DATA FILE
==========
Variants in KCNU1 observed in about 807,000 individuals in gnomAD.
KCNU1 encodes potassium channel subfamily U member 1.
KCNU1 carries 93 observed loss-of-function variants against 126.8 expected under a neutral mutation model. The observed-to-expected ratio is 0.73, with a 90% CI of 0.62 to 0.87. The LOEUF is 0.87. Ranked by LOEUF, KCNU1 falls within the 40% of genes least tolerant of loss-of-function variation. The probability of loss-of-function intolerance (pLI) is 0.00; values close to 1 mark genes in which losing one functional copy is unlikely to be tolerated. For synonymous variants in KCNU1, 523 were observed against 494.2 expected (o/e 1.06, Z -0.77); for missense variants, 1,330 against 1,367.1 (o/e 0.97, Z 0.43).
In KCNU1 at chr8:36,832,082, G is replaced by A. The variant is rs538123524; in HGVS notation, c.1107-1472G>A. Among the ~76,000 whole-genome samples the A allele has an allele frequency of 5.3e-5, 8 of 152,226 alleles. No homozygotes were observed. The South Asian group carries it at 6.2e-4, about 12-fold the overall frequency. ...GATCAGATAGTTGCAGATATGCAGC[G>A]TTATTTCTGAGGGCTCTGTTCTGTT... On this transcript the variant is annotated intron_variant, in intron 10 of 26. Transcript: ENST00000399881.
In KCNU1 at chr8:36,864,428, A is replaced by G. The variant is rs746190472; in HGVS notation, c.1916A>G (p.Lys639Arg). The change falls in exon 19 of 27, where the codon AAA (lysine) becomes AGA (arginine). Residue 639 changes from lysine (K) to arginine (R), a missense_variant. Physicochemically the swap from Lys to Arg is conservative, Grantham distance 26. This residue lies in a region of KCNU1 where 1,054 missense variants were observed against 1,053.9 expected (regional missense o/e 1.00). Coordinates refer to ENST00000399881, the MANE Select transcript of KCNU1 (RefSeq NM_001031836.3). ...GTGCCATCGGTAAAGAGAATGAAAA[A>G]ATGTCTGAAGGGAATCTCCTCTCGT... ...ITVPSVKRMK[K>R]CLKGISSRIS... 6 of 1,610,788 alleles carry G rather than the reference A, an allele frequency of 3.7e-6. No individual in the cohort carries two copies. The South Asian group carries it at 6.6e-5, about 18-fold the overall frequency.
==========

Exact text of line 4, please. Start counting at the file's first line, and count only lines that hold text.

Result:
In KCNU1 at chr8:36,832,082, G is replaced by A. The variant is rs538123524; in HGVS notation, c.1107-1472G>A. Among the ~76,000 whole-genome samples the A allele has an allele frequency of 5.3e-5, 8 of 152,226 alleles. No homozygotes were observed. The South Asian group carries it at 6.2e-4, about 12-fold the overall frequency. ...GATCAGATAGTTGCAGATATGCAGC[G>A]TTATTTCTGAGGGCTCTGTTCTGTT... On this transcript the variant is annotated intron_variant, in intron 10 of 26. Transcript: ENST00000399881.